Its understated look got plenty of comments, good and bad, until it came in unintentional contact with a road. Then, it was cracked and ugly.

That’s when we found the biggest risk with ordering Arctic Cat’s speciality graphics pattern: replacements are a pain.

We tried to restore the machine to its “Z” sled glory by ordering a new hood and graphics, but it was such a hassle to get the special stickers that we gave up. It was probably akin to a real retro rider looking for a vintage hood. Too bad Haydays was over for the year. We ended up stitching it together with black zip-ties and went from Retro Cool to Herman Munster.

It was a shame for the machine’s vanity, but proof of the machine’s strongest asset: a powerful engine with tremendous pickup.

The Arctic Cat F7 uses a 698cc Suzuki twin with an output of 140 hp. It’s fast.

We’ve heard rumors that the Arctic Cat F7s with the ACT Diamond Drive, like our model, just don’t have the same speed and acceleration throughout the powerband. Our unscientific test (lining our machine up with a chaincase-equipped F7) proved the rumors correct — but only by a sled-length.

Most of us had fun driving the machine in the ways that matter most. It was light, nimble and quick. The powerband was strong and wide. Throttle response was immediate. Overall ergos were comfortable, with special kudos to the handlebars.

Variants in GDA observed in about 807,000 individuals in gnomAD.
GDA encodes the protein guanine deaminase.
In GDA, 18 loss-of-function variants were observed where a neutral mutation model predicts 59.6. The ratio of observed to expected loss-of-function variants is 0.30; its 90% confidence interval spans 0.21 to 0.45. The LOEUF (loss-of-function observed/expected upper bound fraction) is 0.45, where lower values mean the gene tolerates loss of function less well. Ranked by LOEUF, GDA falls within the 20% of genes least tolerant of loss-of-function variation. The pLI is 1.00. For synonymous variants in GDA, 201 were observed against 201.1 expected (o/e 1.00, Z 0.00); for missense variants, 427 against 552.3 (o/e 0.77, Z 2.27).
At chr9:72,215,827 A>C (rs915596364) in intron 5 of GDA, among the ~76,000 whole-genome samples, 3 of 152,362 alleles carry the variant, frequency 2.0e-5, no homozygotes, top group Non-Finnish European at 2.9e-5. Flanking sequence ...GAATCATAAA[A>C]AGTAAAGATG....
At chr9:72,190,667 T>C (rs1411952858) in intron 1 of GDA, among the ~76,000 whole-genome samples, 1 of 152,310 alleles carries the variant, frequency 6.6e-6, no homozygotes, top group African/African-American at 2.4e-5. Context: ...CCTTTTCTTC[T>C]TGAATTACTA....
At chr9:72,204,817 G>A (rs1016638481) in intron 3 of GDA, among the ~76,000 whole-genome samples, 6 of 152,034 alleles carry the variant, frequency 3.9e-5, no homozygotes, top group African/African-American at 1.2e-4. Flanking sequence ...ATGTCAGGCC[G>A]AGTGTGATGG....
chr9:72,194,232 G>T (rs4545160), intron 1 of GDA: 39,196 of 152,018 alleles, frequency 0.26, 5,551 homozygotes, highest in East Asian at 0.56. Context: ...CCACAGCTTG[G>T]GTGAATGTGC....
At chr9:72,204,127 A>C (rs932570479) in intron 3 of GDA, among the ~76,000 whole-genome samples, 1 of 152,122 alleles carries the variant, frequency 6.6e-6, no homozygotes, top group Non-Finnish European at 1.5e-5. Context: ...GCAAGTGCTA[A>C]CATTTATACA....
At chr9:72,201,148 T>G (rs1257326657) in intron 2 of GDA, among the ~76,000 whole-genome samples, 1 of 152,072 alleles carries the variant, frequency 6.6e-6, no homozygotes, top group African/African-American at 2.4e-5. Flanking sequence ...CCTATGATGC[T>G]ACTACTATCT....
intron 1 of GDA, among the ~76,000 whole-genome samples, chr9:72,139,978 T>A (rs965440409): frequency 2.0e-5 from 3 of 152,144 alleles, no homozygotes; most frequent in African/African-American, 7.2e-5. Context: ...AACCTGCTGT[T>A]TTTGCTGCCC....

The suspension setup raised some eyebrows. Several on staff preferred this setup to the ultra harsh Sno Pro setup, but that wasn’t a surprise.

The rear skid is the FasTrack Long Travel sliderail with Arctic Cat’s IFP gas shocks. Up front, it’s the AWS VI with Cat’s IFPs and adjustable preload springs.

The suspension works great in smooth conditions, and the skis and track stays on the ground. That’s not impressive; it’s a minimum requirement for any snowmobile.

Rough trails are where the gremlins come out. We bottomed the suspension more often than we should have, and it felt and sounded ragged. We pitched to and fro with little control and the unpredictability of a dented ping-pong ball.

The light, pitchy feel isn’t for everyone. A Yamaha rider tried it for about 10 minutes and then said, “People really like this thing?” He liked the heavier, more connected-to-the-ground feel his four-stroke offered, and quickly returned the Arctic Cat F7 to its original driver.

Overall, the Arctic Cat F7 was OK. The engine was awesome, but it needs better stock suspension to support it.

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